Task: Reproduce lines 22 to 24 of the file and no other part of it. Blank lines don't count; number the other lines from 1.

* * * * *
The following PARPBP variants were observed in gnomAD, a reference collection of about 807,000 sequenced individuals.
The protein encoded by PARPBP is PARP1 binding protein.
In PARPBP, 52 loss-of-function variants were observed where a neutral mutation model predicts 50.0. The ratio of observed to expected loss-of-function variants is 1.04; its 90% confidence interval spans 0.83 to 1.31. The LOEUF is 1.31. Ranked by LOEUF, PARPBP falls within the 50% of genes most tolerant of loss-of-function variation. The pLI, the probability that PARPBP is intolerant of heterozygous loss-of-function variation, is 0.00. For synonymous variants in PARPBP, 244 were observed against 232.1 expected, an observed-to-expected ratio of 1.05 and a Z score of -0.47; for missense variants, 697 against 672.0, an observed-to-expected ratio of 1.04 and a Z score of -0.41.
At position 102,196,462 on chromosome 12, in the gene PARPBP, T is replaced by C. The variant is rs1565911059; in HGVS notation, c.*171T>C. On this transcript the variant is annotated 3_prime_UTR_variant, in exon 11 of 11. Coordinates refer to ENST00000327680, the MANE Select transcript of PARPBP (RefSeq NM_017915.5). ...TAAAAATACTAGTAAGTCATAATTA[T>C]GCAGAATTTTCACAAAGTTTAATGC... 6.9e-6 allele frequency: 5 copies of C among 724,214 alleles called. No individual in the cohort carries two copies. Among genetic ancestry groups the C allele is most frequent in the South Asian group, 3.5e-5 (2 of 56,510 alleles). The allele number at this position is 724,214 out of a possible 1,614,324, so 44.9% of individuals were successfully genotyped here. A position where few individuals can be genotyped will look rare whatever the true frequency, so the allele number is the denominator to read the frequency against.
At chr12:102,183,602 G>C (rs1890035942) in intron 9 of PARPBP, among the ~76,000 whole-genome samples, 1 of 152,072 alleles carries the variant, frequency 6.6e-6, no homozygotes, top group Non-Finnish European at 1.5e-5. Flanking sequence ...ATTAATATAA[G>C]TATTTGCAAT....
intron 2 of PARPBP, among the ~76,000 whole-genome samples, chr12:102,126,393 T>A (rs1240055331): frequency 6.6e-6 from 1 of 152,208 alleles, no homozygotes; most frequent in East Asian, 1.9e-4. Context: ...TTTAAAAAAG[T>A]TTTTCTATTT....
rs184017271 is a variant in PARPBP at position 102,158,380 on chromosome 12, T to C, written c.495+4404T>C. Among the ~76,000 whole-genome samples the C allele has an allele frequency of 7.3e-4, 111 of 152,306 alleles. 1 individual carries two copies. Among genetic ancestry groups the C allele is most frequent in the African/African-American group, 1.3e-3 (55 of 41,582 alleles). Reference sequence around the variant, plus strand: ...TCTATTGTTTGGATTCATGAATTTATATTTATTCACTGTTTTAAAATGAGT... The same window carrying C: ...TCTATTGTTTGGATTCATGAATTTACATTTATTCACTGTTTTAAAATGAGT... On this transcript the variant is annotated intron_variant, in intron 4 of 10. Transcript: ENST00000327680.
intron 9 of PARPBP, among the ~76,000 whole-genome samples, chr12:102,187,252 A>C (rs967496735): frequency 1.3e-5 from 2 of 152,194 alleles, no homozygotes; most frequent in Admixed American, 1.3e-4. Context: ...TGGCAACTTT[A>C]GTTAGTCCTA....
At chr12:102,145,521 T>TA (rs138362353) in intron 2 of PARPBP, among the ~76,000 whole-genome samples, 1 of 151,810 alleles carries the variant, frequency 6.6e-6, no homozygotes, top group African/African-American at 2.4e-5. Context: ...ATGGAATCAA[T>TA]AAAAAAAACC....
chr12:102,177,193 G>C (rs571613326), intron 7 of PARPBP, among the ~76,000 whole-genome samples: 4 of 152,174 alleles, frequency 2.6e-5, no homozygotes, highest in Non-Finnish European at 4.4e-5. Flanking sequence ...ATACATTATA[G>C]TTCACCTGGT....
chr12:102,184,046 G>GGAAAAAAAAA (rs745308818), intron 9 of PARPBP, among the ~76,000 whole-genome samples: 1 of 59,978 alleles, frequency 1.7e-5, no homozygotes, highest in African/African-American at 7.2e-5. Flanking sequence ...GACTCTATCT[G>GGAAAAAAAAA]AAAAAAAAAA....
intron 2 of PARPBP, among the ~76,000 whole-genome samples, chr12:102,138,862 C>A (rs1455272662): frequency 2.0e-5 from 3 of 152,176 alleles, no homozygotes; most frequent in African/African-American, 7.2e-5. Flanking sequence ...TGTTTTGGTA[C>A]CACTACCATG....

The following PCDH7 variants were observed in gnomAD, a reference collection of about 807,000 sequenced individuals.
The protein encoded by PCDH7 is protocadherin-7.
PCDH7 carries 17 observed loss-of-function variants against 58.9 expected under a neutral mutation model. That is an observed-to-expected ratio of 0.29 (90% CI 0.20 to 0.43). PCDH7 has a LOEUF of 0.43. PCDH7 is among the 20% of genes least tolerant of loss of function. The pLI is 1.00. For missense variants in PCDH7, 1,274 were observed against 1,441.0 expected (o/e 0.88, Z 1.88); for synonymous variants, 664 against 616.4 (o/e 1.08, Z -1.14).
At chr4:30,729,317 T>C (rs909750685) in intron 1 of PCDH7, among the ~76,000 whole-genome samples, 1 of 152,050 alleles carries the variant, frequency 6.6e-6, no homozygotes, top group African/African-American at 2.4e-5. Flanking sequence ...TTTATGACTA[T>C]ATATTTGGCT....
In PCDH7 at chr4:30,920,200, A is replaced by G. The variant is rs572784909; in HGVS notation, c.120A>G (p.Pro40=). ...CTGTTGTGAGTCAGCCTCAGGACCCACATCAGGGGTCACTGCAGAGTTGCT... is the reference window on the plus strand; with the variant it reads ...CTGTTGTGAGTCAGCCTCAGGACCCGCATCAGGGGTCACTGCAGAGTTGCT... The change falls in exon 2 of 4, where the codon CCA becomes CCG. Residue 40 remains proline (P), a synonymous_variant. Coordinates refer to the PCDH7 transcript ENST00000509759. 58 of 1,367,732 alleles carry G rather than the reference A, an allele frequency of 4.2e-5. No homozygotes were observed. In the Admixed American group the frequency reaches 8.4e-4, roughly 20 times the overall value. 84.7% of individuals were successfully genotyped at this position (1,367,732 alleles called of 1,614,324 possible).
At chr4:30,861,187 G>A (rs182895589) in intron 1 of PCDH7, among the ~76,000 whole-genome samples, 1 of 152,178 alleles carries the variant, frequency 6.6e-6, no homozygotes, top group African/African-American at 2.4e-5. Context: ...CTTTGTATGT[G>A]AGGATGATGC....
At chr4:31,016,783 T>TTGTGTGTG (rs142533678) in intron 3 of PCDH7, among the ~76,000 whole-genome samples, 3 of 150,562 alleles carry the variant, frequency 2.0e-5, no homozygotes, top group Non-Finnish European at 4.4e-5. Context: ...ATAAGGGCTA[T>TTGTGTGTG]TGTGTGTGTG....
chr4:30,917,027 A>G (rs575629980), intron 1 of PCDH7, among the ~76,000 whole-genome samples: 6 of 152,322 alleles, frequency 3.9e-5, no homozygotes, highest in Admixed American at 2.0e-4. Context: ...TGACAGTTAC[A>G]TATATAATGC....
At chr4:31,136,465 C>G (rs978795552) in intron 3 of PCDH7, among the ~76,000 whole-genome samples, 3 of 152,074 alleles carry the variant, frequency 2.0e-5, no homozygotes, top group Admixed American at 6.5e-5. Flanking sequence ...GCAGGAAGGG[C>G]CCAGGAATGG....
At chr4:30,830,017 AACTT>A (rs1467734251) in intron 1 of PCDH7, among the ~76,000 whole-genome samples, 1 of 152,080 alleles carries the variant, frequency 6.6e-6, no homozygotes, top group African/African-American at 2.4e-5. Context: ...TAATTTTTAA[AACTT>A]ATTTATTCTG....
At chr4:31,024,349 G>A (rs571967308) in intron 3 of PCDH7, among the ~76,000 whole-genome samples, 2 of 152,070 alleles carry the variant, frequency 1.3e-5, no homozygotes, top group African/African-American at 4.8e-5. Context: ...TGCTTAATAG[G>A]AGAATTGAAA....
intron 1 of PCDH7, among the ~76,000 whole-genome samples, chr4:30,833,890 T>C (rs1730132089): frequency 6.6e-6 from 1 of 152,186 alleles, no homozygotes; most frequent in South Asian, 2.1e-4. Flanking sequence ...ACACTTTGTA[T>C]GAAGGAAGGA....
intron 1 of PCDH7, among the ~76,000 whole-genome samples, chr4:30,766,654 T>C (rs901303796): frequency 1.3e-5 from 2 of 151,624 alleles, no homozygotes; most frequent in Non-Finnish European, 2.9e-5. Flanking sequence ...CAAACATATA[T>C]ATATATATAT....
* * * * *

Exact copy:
At chr4:30,830,017 AACTT>A (rs1467734251) in intron 1 of PCDH7, among the ~76,000 whole-genome samples, 1 of 152,080 alleles carries the variant, frequency 6.6e-6, no homozygotes, top group African/African-American at 2.4e-5. Context: ...TAATTTTTAA[AACTT>A]ATTTATTCTG....
At chr4:31,024,349 G>A (rs571967308) in intron 3 of PCDH7, among the ~76,000 whole-genome samples, 2 of 152,070 alleles carry the variant, frequency 1.3e-5, no homozygotes, top group African/African-American at 4.8e-5. Context: ...TGCTTAATAG[G>A]AGAATTGAAA....
intron 1 of PCDH7, among the ~76,000 whole-genome samples, chr4:30,833,890 T>C (rs1730132089): frequency 6.6e-6 from 1 of 152,186 alleles, no homozygotes; most frequent in South Asian, 2.1e-4. Flanking sequence ...ACACTTTGTA[T>C]GAAGGAAGGA....